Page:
Rough Woodlouse - Porcellio scaber

Rough Woodlouse (Porcellio scaber) on moss (Grimmia pulvinata).  This makes me think of Dr Who monsters.

young frog

Young frog, about 5 cm long. I found him underneath a piece of spare pond-liner that we’ve left out on some bricks and grass, in the hope of attracting snakes. Until now, all we’ve found has been ant nests – black ants and yellow meadow ants. I imagine the frog had been feasting happily.


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Get outside

I think this pretty much sums up my running. I ran a mile again today, and then a little bit more, just to prove to myself that I don’t need to stop at a mile. So far this month I’ve run 16 times, which is way better than the three runs in July. Even if most of those runs were only a mile – and ‘only’ is the funny bit, I suppose. For 53 years of my life, I didn’t think I could run a hundred yards.


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6 months from ‘graduation’ – and a caterpillar with a turquoise horn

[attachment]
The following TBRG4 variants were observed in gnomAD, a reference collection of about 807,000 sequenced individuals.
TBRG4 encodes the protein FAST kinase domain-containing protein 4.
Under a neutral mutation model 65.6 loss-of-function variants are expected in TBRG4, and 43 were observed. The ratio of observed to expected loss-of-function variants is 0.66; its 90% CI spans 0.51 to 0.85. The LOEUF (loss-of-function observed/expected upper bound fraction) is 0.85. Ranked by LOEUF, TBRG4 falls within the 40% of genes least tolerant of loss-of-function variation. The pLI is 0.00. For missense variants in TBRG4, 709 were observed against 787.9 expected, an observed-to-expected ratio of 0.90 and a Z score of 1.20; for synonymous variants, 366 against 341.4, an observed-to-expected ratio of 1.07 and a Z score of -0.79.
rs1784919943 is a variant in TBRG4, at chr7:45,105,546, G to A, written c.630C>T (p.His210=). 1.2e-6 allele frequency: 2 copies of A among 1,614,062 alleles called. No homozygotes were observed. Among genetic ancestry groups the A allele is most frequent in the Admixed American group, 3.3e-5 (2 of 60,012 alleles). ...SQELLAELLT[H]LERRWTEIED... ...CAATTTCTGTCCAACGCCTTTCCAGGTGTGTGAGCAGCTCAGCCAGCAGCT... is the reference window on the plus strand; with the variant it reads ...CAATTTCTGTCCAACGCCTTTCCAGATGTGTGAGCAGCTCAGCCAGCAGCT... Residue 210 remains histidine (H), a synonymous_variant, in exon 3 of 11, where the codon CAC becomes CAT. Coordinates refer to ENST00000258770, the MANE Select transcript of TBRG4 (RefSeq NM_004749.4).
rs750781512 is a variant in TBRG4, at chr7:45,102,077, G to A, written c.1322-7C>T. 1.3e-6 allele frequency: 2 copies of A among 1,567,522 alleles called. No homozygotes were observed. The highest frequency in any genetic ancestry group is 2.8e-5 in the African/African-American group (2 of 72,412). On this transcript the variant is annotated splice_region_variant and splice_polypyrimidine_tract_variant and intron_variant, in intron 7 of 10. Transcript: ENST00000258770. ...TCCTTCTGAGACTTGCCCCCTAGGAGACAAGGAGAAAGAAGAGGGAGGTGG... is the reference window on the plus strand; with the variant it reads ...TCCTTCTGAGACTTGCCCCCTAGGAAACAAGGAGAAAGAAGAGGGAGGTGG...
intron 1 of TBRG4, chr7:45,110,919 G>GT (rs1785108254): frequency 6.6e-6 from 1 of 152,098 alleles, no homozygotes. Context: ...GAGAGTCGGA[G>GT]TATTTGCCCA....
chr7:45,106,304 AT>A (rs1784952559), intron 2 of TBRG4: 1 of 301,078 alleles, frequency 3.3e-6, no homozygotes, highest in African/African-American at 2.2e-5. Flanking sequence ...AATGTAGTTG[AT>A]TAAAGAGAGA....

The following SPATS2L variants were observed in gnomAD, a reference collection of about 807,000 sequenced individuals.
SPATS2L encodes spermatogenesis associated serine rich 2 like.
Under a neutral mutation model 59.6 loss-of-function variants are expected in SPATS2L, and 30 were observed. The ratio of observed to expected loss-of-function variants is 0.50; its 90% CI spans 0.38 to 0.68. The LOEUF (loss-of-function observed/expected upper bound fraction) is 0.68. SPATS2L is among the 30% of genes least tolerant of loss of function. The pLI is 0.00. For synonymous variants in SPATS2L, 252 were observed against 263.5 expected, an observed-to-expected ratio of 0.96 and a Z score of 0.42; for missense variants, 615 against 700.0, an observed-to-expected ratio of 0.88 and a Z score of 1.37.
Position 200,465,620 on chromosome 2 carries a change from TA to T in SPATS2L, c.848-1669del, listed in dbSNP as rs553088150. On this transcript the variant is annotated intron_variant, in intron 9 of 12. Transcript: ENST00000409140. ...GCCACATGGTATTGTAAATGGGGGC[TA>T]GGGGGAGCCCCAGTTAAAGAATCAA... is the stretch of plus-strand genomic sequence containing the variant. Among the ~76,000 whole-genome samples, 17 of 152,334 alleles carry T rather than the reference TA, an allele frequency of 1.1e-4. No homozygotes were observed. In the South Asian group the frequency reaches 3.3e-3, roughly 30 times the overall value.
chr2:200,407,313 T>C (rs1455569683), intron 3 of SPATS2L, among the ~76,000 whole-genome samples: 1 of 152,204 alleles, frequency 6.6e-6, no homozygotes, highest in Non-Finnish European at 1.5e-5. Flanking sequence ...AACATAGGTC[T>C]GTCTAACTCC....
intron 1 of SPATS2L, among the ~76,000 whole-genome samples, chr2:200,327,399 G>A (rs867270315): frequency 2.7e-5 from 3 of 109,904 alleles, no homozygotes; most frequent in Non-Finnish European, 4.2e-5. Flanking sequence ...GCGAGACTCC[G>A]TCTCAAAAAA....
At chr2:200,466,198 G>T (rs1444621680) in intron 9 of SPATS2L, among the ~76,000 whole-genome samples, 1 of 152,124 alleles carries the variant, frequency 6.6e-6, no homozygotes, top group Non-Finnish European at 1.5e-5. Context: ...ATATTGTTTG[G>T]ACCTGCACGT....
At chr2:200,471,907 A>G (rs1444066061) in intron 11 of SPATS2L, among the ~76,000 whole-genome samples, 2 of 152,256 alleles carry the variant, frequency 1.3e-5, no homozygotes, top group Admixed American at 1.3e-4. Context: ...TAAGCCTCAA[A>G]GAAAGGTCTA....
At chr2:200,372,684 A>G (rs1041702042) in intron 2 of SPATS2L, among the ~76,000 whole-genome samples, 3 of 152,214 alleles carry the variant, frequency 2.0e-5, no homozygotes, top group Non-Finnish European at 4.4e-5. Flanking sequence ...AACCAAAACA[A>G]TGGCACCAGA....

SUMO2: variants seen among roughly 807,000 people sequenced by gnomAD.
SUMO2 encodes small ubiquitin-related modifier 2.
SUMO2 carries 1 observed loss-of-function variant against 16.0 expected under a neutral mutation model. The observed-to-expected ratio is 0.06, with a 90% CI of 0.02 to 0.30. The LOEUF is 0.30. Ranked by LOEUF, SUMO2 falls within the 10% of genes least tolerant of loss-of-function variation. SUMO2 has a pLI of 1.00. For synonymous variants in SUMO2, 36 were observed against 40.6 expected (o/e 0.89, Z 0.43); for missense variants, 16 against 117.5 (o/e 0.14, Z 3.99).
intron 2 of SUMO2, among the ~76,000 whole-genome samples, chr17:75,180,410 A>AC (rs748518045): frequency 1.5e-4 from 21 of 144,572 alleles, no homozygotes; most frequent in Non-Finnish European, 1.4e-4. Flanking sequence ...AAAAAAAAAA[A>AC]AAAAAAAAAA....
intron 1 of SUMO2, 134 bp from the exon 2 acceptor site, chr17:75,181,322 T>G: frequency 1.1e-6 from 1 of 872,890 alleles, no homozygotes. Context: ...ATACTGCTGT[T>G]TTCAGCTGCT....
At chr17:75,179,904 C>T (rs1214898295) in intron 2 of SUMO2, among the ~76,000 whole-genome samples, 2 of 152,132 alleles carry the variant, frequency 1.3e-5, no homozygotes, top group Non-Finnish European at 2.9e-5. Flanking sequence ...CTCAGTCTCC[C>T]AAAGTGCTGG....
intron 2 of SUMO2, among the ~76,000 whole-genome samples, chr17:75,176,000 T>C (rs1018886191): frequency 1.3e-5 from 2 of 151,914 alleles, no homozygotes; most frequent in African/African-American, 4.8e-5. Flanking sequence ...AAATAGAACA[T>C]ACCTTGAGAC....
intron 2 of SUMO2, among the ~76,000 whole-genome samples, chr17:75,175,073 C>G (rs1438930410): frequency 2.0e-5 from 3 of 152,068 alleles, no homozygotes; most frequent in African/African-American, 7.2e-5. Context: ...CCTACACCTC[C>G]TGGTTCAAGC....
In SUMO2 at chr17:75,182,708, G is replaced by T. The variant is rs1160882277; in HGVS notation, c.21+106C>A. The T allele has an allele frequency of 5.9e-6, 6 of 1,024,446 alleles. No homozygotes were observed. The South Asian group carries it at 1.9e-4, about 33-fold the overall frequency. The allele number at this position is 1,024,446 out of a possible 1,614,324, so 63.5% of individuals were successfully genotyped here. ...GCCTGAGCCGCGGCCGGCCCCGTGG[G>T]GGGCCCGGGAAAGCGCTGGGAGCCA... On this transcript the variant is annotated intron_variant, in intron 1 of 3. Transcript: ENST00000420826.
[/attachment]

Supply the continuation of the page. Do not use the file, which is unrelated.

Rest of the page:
This is just a post for me with lots of numbers in (and a caterpillar).  I say I don’t care how fast I run, but I’m not sure it’s quite true.  🙂

I completed the NHS couch to 5k programme six months ago today, so to celebrate, I decided I should re-run the same route.

On February 13th, I ran 2.58 miles (4.15k) at 15:30 min/mile.  I ran for forty minutes – I did an extra ten minutes to prove to myself that I didn’t need to stop at thirty.

Today I ran for thirty minutes (my knee was beginning to complain, so I didn’t carry on past 30), 2.24 miles, at 13:25 min/mile.  Not quite as fast as I managed in the middle of the 5×50 challenge in May (a parkrun at 13:21) but good enough to make me feel I am making progress.

Slow and steady.  🙂

Finished painting two windows today too, and found this strange caterpillar while sweeping up the car-parking space.  I think it’s probably a hawk-moth of some sort.  Amazing turquoise colour.

Maybe a hawk-moth caterpillar

Caterpillar with turquoise horn on it’s tail-end – probably some sort of hawk-moth